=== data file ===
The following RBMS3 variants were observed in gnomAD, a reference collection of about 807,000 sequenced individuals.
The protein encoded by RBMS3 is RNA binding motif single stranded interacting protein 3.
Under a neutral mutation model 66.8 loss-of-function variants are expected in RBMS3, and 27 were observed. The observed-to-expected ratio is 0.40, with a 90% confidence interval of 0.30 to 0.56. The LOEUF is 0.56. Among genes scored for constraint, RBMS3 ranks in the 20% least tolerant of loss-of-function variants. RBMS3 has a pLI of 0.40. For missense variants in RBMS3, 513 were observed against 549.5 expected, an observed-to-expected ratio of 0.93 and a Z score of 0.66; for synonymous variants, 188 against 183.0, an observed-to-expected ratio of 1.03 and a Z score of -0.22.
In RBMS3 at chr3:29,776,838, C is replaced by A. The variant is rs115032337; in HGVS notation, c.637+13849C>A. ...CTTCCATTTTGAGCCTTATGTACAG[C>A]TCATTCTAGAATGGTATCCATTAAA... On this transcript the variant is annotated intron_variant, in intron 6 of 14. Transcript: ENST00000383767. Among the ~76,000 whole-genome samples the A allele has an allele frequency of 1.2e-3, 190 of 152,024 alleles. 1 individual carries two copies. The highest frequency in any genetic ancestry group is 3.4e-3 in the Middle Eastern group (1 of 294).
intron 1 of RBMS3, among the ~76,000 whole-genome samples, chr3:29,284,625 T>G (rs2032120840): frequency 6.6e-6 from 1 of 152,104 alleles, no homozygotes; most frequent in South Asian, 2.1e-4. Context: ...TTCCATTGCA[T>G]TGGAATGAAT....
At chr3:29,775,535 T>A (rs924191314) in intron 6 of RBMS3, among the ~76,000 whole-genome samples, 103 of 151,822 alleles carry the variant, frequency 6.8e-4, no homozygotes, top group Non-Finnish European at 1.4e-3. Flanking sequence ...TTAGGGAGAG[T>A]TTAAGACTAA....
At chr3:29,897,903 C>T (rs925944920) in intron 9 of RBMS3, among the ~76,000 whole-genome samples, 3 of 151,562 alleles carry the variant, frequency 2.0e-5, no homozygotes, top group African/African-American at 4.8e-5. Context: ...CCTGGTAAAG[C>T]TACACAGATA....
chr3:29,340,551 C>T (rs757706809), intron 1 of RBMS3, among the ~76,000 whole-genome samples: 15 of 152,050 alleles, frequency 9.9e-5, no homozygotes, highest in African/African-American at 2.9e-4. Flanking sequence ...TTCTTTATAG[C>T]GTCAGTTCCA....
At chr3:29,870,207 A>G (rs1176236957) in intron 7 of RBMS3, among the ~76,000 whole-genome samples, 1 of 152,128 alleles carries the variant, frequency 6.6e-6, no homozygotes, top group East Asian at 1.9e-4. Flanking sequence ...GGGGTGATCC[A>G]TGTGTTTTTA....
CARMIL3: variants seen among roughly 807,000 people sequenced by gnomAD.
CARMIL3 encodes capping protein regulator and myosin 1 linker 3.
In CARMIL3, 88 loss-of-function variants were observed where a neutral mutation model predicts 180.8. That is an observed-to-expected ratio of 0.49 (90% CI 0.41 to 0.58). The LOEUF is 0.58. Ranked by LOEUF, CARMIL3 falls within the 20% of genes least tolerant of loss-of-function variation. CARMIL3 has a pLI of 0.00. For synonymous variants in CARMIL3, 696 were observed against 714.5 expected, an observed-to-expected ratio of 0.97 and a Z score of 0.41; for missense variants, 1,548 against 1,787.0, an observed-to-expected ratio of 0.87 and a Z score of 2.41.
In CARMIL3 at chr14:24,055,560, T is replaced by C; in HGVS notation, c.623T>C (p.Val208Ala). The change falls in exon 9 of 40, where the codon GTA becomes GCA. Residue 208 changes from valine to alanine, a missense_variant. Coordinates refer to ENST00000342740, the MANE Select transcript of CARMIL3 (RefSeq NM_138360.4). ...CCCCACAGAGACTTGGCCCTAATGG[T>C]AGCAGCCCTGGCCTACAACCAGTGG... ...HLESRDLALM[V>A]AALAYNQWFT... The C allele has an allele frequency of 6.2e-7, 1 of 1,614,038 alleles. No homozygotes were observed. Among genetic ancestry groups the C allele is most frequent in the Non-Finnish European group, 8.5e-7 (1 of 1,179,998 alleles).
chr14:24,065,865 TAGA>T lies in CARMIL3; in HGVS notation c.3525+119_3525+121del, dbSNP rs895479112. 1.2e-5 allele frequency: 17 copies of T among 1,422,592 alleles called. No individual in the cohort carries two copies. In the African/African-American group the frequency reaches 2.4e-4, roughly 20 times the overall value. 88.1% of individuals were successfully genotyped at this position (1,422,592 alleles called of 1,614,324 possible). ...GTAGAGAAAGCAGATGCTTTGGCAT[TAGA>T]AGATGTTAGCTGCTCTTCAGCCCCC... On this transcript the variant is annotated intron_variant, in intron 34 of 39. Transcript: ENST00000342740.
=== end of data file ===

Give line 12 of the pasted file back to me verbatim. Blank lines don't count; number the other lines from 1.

In CARMIL3, 88 loss-of-function variants were observed where a neutral mutation model predicts 180.8. That is an observed-to-expected ratio of 0.49 (90% CI 0.41 to 0.58). The LOEUF is 0.58. Ranked by LOEUF, CARMIL3 falls within the 20% of genes least tolerant of loss-of-function variation. CARMIL3 has a pLI of 0.00. For synonymous variants in CARMIL3, 696 were observed against 714.5 expected, an observed-to-expected ratio of 0.97 and a Z score of 0.41; for missense variants, 1,548 against 1,787.0, an observed-to-expected ratio of 0.87 and a Z score of 2.41.